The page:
The plan appears to be working. Nearly 15 percent of new vehicle sales in 2021 (totaling $124.2 billion) were NEVs — that’s a record 2.99 million units and a 169 percent increase over the previous year, according to data compiled by the China Passenger Car Association (CPCA). Of the 6.75 million total EVs sold in 2021, itself a 108 percent YoY increase, Chinese EVs accounted for 53 percent of the global market. Including PHEVs, some 3.3 million electrified vehicles were sold in China last year, compared to just 608,000 in the US. What’s more, the China Passenger Car Association now estimates that another 6 million EVs will be sold in 2022.
The Chinese government anticipates EVs will achieve 20 percent domestic market penetration by 2025 and 60 percent by 2030. UBS Global has forecasted that three in five vehicles (60 percent) on China’s roads by 2035 will be electrified, up from the 1 percent they constituted in 2019. By 2027, the market is expected to reach $799 billion.
“Emerging China EV companies are making a concerted effort to target the premium end of the local market and eventually abroad,” Deutsche Bank equity analyst Edison Yu told Forbes in July. “We are already witnessing intense domestic competition in the mass market from Leap Motor, Hozon Neta, WM Motor, BYD and numerous sub-brands from incumbent OEMs (GAC/Aion, BAIC/Arcfox, SAIC/R-brand). Newer entrants have shown willingness to absorb deep losses to quickly gain volume share.”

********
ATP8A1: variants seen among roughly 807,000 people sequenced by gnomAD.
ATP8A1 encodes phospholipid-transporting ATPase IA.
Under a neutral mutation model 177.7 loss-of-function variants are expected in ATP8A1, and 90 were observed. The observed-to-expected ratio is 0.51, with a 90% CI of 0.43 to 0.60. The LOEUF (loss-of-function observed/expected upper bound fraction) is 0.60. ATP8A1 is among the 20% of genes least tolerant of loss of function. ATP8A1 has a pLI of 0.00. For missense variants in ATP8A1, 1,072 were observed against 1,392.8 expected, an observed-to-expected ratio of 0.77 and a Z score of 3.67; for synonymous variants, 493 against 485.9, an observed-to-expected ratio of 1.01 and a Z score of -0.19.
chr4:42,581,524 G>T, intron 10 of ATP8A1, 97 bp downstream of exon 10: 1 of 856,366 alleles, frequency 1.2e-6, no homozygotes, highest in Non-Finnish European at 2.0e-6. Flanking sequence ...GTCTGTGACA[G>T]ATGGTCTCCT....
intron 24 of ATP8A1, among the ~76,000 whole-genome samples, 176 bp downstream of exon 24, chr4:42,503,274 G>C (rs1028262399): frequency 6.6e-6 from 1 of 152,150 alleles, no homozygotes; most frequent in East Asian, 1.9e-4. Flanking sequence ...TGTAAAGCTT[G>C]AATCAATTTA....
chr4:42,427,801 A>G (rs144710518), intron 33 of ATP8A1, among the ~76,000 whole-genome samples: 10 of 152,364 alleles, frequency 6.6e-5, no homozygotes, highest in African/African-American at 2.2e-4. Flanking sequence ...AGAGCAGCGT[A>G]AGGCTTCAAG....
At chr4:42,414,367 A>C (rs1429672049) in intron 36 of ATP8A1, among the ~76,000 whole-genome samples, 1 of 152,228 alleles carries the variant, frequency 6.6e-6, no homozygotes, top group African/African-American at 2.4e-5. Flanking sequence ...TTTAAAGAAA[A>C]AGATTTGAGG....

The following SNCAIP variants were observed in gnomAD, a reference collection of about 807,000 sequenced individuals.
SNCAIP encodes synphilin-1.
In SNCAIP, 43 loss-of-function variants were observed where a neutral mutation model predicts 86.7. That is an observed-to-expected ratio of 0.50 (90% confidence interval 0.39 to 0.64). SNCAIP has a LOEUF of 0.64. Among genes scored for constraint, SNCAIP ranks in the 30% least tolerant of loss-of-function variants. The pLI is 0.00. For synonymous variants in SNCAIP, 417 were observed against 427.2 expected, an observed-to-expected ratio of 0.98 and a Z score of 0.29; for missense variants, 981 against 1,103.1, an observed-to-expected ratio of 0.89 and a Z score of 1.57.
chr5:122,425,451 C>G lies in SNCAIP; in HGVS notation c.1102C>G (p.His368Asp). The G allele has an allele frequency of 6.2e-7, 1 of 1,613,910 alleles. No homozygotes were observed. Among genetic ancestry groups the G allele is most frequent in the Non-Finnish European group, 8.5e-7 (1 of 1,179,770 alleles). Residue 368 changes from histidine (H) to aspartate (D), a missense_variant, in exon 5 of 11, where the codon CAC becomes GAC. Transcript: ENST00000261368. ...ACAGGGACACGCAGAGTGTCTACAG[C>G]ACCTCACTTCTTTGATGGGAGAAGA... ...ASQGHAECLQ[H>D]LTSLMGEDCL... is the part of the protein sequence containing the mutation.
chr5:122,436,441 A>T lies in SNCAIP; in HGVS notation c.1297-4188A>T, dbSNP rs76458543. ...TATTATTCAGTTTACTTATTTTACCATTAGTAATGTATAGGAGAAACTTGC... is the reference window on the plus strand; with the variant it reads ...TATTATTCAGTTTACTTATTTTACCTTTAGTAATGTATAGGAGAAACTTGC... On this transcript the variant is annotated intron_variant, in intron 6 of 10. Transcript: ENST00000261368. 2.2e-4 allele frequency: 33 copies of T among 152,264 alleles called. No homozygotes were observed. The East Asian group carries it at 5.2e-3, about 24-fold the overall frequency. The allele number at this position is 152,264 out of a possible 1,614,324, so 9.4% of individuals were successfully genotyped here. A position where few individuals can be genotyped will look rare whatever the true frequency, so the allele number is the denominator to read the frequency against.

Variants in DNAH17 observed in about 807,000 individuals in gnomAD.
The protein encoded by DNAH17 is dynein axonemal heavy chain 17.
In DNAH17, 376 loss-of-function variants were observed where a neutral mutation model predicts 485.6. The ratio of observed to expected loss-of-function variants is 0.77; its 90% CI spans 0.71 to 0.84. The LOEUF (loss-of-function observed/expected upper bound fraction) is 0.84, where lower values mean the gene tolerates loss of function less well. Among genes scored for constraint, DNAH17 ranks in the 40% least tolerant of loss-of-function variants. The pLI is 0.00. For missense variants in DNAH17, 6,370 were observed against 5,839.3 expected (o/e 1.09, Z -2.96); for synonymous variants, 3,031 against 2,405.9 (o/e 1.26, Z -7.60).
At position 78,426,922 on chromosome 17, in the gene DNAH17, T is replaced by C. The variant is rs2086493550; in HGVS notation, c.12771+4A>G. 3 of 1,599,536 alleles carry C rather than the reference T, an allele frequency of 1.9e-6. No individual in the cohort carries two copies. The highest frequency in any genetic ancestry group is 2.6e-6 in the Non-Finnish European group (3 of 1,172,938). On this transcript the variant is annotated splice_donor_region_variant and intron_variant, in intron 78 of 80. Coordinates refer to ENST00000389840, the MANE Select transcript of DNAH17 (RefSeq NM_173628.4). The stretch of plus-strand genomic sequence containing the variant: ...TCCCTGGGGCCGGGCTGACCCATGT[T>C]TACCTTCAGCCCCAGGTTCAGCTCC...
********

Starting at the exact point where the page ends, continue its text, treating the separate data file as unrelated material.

The Chinese EV market is currently dominated by five firms: Tesla comes in third surrounded by domestic automotive manufacturers BYD (27.9 percent market share), SGMW (10.1 percent), Chery (4.9 percent), and GAC (4.2 percent). Geely, which owns stakes in Volvo, Polestar and Lotus, didn’t crack the top five but its various brands did manage a record 2.2 million worldwide vehicle sales in 2021. XPeng and NIO are additional noteworthy brands, totaling 98,155 and 91,429 sales in 2021, respectively.
At the Boao Forum in 2018, President Jinping announced a raft of sweeping economic reforms designed to further open the nation’s markets, including an announcement to phase out existing limits on foreign ownership of automakers. The Policy for the Automotive Industry of 1994 contained a key provision that banned foreign business entities from owning more than 50 percent of a joint venture with a Chinese firm as well as from participating on more than two such ventures for any single vehicle type sold in the country — the so-called 50%+2 rule. Jinping’s reforms will see the 2-venture limit lifted in 2022 and the restriction on ownership share eliminated at the end of 2023.
This regulatory relaxation could have immense impact on the Chinese EV market, potentially increasing competition for domestic OEMs from an influx of international automakers hawking additional NEV brands and models. The rule change could also see foreign firms renegotiate their ownership stakes, potentially even fully buying out their Chinese partners, though as Sino Auto points out, that isn’t likely to happen in the immediate future as the existing joint ventures have an average remaining contract length of 19 years. Overall, the policy shift should give international firms a more even footing with local Chinese automakers.